Apron Anxiety: My Messy Affairs In and Out of the Kitchen - Alyssa Shelasky I won this book from Goodreads Giveaways, and thought it looked at least a little interesting - that is, until I started reading the other reviews of the book. Dear Gods, I was almost afraid to pick this book up, assuming I was going to hate it. For the first two, two and a half, chapters, I did - hate it, that is.

For one, I felt as though she tried to make her childhood out to be this overly unique, bohemian, experience, to hear the way she talks about it, you'd think she'd been raised by Travelers. Hate to break it to ya, her childhood wasn't that unique; it wasn't that bohemian. In fact, her childhood reminded me a lot of my own: privileged, with hippie overtones. She says at one point that the reason she took her shirt off for everyone in high school was because of her upbringing, and I sort of take offense at that. Comfort with nudity, comfort with sexuality is no excuse to, well, be a slut.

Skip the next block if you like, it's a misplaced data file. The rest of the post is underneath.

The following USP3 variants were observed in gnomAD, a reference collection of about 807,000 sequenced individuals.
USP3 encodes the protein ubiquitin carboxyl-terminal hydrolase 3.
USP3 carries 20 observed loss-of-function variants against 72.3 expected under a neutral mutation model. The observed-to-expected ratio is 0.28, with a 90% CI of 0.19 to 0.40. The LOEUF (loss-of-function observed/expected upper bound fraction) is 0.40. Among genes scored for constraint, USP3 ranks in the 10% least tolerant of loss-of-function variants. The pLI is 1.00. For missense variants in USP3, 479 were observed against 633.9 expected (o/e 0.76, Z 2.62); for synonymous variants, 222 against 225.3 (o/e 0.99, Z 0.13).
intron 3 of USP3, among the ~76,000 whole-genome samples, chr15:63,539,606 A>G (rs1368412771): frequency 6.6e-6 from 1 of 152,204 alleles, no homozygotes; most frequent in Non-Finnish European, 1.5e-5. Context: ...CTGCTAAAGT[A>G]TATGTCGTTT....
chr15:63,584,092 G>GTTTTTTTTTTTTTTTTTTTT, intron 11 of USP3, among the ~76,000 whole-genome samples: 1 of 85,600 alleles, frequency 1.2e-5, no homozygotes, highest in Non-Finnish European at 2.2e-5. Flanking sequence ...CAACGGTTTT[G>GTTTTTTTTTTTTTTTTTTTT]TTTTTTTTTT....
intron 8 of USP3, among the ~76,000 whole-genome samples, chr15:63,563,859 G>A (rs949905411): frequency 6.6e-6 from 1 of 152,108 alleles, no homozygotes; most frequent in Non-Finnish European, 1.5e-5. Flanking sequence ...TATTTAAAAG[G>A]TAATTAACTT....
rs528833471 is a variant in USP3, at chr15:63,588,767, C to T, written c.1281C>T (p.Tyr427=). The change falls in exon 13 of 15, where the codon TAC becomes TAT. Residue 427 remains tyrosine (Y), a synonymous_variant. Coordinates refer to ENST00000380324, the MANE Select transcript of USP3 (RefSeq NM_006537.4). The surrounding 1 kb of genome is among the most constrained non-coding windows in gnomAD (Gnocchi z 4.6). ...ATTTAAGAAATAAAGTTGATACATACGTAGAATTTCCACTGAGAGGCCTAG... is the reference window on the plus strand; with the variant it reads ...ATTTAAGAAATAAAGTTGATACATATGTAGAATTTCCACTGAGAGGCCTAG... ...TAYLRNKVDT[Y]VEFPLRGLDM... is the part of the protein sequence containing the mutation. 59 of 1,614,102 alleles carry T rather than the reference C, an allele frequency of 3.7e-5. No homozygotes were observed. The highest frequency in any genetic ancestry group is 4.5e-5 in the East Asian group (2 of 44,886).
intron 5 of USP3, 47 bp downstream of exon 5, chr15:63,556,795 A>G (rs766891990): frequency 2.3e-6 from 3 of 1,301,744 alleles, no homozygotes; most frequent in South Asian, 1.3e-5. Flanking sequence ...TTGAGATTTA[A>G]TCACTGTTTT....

For two, the "slut" comes out rampant in the second chapter. She works for US Weekly and meets celebrities and name drops every four words. I don't care that you know Derek Jeter and were invited to a Robert Pattinson premiere, I just couldn't give a flying fuck. Also, just because someone's a free spirit doesn't mean that it's okay to sleep with everyone under the sun, while you're in relationships.

She just really, really, really, rubbed me the wrong way in the first few chapters.

Surprisingly, it took a 180 degree turn when she started dating the celebrity chef that is most likely the love of her life and soul mate, though completely impractical. The love story is written well. The lovers are very real. They mesh well, even when they fight. It's a very true telling of a crazy sort of love. Even when everything blows up, again and again, the relationship is clearly a real one.

I have a lot more trouble saying what I liked about a book rather than what I didn't. And I did like quite a bit, I mean, it rallied enough to earn three stars, after the first two chapters I was expecting 1 star.

Maybe I simply liked the rest of the book because she gets a little thrown from her holier than thou horse. She actually becomes relatable as she tried to save a clearly dying relationship. Her broken down, discovery of herself says so much more about her than any name she dropped previously. She may be a woman in the need of a good shake, but she is a woman who is on a journey to truly find herself.

Her journey through food is simply endearing. However, the recipes in the book were a bit on the disappointing side of the world.